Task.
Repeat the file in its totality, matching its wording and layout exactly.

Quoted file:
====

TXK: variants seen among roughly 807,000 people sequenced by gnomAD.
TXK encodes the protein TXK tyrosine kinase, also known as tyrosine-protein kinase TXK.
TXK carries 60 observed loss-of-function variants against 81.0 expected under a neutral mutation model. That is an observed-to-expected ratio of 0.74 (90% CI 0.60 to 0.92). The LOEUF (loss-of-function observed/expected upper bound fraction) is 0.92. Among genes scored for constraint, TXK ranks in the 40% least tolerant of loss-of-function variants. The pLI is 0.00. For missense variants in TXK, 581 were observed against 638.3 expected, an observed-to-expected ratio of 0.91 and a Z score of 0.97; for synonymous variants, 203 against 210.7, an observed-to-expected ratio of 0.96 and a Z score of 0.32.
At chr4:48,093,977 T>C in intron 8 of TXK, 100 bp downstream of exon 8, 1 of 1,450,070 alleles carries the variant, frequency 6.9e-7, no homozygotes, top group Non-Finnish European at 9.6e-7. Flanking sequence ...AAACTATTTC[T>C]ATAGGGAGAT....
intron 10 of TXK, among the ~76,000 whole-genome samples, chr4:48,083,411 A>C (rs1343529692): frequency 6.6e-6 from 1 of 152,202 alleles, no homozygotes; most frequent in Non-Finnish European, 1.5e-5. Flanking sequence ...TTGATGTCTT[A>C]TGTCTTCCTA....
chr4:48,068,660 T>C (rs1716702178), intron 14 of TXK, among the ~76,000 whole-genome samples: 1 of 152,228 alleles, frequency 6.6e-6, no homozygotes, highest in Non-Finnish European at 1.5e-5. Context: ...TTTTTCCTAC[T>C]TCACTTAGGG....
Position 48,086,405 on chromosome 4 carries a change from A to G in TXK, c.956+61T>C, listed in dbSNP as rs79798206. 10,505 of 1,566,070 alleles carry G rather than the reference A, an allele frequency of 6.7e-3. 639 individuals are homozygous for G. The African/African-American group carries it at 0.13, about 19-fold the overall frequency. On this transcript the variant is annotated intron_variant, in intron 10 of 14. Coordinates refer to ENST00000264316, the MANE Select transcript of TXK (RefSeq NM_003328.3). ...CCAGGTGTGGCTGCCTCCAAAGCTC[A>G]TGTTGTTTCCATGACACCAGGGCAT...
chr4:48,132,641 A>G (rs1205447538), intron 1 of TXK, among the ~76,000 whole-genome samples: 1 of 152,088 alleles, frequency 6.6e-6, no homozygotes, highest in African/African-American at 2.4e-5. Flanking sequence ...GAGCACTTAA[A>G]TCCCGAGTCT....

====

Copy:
TXK: variants seen among roughly 807,000 people sequenced by gnomAD.
TXK encodes the protein TXK tyrosine kinase, also known as tyrosine-protein kinase TXK.
TXK carries 60 observed loss-of-function variants against 81.0 expected under a neutral mutation model. That is an observed-to-expected ratio of 0.74 (90% CI 0.60 to 0.92). The LOEUF (loss-of-function observed/expected upper bound fraction) is 0.92. Among genes scored for constraint, TXK ranks in the 40% least tolerant of loss-of-function variants. The pLI is 0.00. For missense variants in TXK, 581 were observed against 638.3 expected, an observed-to-expected ratio of 0.91 and a Z score of 0.97; for synonymous variants, 203 against 210.7, an observed-to-expected ratio of 0.96 and a Z score of 0.32.
At chr4:48,093,977 T>C in intron 8 of TXK, 100 bp downstream of exon 8, 1 of 1,450,070 alleles carries the variant, frequency 6.9e-7, no homozygotes, top group Non-Finnish European at 9.6e-7. Flanking sequence ...AAACTATTTC[T>C]ATAGGGAGAT....
intron 10 of TXK, among the ~76,000 whole-genome samples, chr4:48,083,411 A>C (rs1343529692): frequency 6.6e-6 from 1 of 152,202 alleles, no homozygotes; most frequent in Non-Finnish European, 1.5e-5. Flanking sequence ...TTGATGTCTT[A>C]TGTCTTCCTA....
chr4:48,068,660 T>C (rs1716702178), intron 14 of TXK, among the ~76,000 whole-genome samples: 1 of 152,228 alleles, frequency 6.6e-6, no homozygotes, highest in Non-Finnish European at 1.5e-5. Context: ...TTTTTCCTAC[T>C]TCACTTAGGG....
Position 48,086,405 on chromosome 4 carries a change from A to G in TXK, c.956+61T>C, listed in dbSNP as rs79798206. 10,505 of 1,566,070 alleles carry G rather than the reference A, an allele frequency of 6.7e-3. 639 individuals are homozygous for G. The African/African-American group carries it at 0.13, about 19-fold the overall frequency. On this transcript the variant is annotated intron_variant, in intron 10 of 14. Coordinates refer to ENST00000264316, the MANE Select transcript of TXK (RefSeq NM_003328.3). ...CCAGGTGTGGCTGCCTCCAAAGCTC[A>G]TGTTGTTTCCATGACACCAGGGCAT...
chr4:48,132,641 A>G (rs1205447538), intron 1 of TXK, among the ~76,000 whole-genome samples: 1 of 152,088 alleles, frequency 6.6e-6, no homozygotes, highest in African/African-American at 2.4e-5. Flanking sequence ...GAGCACTTAA[A>G]TCCCGAGTCT....